'Survivors speak out' share panel with Foreign Secretary
Following a personal invitation from the Foreign Secretary, William Hague MP, Survivors Speak OUT network Coordinator, Kolbassia Haoussou, took his place this week alongside a panel of other expert speakers (including the Foreign Secretary himself), to highlight both the power in – and the difficulty for – survivors of sexual violence and other forms of torture to speak about their experiences.
The fringe event at the Conservative Party Conference was designed to raise awareness of sexual violence in conflict and to discuss a new Foreign & Commonwealth Office initiative, committing Britain's premiership as G8 chair next year to improving responses to these crimes. Following a compelling film of another SSO member, Ruth, speaking about her own experiences of sexual violence, Kolbassia offered the audience a unique, powerful and personal insight into the barriers to disclosure he experienced upon his arrival in the UK and his reasons for setting up SSO:
Our aim when we set up SSO was to speak for those survivors who were silenced – either by their external oppressors or by their own trauma. Today, we fight for the rights of survivors of sexual violence and other forms of torture worldwide and educate people on what it means to be a survivor of torture trying to live today in the UK."
Whilst acknowledging that the perpetrators of sexual violence and other forms of torture will only be held accountable for their crimes if the survivors of these acts speak out, and saluting the Foreign Secretary's push for more prosecutions and better evidence to support them, Kolbassia also carefully detailed the necessary safeguards such an initiative would have to put in place if it were to be successful.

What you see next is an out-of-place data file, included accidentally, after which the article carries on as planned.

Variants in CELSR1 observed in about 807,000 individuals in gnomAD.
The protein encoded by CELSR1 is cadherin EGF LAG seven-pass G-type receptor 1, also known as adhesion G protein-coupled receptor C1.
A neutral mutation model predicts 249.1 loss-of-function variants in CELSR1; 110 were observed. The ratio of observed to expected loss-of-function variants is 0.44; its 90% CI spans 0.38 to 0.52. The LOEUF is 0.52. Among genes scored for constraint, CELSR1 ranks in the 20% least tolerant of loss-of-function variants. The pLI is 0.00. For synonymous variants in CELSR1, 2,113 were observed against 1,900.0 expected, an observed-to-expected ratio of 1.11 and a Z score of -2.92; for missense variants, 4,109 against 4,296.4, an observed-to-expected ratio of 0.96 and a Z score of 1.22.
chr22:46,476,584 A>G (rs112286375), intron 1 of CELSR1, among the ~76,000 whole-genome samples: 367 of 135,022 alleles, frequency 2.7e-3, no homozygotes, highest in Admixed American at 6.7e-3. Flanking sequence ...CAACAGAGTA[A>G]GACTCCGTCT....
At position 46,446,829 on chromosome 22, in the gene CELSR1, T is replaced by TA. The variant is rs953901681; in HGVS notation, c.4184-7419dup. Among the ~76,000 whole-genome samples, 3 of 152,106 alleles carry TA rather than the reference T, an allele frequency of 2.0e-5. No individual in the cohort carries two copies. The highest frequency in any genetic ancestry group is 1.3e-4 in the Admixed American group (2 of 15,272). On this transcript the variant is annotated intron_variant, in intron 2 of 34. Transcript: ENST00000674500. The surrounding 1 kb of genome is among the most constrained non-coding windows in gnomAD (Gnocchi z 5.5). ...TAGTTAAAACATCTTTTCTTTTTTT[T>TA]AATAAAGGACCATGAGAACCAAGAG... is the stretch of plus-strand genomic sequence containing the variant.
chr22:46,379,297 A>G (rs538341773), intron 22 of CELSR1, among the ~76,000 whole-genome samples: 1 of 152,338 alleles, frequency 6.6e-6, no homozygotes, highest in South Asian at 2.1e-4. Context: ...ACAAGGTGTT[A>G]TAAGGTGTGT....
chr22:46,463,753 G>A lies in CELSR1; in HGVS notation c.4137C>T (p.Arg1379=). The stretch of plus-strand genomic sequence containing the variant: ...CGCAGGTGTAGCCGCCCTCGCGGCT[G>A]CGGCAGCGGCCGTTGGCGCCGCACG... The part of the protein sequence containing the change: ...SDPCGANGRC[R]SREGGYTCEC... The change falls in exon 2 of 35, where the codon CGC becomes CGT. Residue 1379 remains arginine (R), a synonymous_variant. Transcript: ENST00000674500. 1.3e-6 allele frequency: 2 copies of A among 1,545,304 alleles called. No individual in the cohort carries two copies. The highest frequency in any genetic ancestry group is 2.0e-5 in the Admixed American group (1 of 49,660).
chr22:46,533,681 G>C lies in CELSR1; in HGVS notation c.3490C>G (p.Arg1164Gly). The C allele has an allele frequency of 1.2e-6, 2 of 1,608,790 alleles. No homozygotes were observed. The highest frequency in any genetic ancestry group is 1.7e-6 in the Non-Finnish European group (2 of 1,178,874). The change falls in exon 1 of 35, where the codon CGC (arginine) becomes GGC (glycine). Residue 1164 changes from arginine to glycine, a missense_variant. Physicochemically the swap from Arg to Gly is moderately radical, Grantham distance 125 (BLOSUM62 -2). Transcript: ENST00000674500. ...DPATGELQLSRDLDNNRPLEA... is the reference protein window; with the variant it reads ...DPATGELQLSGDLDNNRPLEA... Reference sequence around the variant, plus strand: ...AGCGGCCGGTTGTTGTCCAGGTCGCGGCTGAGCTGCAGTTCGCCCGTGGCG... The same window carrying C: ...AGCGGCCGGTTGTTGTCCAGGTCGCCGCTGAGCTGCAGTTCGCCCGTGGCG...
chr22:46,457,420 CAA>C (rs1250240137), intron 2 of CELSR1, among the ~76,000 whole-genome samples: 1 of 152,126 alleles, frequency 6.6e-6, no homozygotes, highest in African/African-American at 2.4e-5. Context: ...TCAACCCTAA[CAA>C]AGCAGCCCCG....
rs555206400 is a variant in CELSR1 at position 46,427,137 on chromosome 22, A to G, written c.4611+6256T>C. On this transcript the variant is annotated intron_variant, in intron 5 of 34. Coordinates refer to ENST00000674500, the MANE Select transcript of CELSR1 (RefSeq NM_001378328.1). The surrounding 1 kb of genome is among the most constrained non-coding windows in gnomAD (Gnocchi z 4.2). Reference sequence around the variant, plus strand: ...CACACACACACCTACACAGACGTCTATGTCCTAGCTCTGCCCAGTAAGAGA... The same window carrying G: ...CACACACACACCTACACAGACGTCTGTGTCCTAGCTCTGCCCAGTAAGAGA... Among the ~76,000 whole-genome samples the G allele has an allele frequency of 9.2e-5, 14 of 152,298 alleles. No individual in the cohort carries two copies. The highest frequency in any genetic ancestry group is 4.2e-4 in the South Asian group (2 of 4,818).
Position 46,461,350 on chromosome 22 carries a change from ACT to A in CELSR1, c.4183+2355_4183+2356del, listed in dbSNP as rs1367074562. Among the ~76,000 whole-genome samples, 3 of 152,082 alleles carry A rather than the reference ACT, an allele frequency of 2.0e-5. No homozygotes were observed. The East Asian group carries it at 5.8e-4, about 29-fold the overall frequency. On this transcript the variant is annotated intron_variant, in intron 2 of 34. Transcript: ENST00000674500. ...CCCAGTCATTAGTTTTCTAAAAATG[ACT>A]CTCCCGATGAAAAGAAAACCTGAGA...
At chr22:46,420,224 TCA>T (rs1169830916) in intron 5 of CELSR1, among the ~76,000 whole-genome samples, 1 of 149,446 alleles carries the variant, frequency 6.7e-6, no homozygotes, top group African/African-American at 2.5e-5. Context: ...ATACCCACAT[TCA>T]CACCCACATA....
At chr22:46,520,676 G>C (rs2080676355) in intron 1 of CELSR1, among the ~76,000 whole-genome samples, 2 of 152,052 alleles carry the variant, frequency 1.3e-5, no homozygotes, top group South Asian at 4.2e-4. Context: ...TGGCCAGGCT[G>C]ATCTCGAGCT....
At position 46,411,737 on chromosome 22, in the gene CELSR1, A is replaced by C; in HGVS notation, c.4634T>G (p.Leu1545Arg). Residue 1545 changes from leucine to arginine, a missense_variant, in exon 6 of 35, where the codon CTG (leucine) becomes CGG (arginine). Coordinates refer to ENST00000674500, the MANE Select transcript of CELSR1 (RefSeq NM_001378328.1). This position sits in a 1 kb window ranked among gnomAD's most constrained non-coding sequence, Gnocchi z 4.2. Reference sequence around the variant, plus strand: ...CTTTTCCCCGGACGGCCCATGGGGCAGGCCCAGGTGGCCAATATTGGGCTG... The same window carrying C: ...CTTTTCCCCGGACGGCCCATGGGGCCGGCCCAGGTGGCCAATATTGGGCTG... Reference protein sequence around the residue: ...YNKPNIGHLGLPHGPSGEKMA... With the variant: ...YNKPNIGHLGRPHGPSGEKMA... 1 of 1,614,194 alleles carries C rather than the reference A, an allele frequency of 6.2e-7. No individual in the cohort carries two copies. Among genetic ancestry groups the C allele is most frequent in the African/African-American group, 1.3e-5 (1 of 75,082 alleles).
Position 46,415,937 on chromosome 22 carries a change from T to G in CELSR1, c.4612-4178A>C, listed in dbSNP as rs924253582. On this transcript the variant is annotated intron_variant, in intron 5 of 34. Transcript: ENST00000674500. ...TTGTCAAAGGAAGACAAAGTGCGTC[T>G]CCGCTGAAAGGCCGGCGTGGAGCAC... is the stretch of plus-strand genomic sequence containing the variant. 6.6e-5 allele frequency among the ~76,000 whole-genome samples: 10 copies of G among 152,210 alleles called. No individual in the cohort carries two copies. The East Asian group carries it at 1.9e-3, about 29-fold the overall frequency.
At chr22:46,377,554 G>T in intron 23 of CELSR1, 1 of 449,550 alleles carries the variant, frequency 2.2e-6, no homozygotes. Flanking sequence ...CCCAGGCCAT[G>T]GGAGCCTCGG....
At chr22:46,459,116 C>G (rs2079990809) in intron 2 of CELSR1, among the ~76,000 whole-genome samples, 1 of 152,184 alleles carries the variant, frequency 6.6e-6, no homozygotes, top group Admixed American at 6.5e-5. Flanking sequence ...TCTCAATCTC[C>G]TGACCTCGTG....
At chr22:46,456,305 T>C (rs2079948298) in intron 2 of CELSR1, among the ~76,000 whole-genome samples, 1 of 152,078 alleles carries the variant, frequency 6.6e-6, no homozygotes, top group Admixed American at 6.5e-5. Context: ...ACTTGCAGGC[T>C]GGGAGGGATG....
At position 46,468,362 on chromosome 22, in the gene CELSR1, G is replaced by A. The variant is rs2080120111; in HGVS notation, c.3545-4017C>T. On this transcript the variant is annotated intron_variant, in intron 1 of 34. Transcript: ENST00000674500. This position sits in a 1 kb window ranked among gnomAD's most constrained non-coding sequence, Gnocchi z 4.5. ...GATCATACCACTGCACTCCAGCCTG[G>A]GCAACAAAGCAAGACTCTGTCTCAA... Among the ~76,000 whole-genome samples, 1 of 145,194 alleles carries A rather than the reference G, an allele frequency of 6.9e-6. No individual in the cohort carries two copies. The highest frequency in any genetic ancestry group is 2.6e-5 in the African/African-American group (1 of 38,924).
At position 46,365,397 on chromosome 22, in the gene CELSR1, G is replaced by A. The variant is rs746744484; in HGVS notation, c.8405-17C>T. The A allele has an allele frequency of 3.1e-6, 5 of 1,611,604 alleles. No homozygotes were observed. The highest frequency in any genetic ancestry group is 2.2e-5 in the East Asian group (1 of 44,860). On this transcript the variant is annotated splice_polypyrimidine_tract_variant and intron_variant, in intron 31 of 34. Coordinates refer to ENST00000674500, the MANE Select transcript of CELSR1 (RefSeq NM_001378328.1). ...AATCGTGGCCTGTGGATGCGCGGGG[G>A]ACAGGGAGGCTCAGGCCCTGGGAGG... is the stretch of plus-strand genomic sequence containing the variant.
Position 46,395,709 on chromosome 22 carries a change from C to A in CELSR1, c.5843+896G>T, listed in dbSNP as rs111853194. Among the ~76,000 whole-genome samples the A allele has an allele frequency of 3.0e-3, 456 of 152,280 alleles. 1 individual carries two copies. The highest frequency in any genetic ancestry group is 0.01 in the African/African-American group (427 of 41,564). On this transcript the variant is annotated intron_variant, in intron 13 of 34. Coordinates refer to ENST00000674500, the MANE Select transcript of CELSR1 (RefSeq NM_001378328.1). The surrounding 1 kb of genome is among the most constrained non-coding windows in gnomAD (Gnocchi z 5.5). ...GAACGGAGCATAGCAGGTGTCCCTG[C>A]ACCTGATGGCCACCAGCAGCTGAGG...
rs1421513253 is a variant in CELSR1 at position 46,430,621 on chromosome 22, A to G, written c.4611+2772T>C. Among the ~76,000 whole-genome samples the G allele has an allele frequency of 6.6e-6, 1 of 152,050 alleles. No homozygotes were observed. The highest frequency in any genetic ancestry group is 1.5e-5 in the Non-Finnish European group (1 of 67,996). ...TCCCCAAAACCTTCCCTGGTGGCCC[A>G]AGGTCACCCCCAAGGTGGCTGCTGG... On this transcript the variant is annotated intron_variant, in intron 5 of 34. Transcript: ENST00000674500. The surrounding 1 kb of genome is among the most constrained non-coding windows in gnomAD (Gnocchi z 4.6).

What is needed is to build on the expertise of organisations like Freedom from Torture and their work with survivors of sexual violence, to develop practical ways to ensure survivors feel confident and safe to speak out. There is real danger of re-traumatisation and many police, lawyers, doctors and psychologists in the UK still have much to learn about when working sensitively with survivors."
As well as stressing the need for training, protection for those giving testimony, and greater gender, cultural and linguistic awareness and sensitivity, Kolbassia also called for legal reform and public education in those countries where rape often stigmatises the victim more than the perpetrator. Freedom from Torture CEO Keith Best was also present at the event and he echoed Kolbassia's sentiments, noting;
The Foreign Secretary deserves great credit for placing the rights of survivors at the heart of the UK's presidency of the G8 in 2013. But this commitment must extend beyond foreign policy. When survivors of torture, including sexual violence, seek sanctuary in the UK they experience disbelief and insensitivity from asylum decision-makers which compounds their trauma. Freedom from Torture strongly welcomes the Foreign Secretary's commitment to raise these issues with the Home Secretary. We hope he will be pushing at an open door."
You can read the full transcript of Kolbassia's speech below: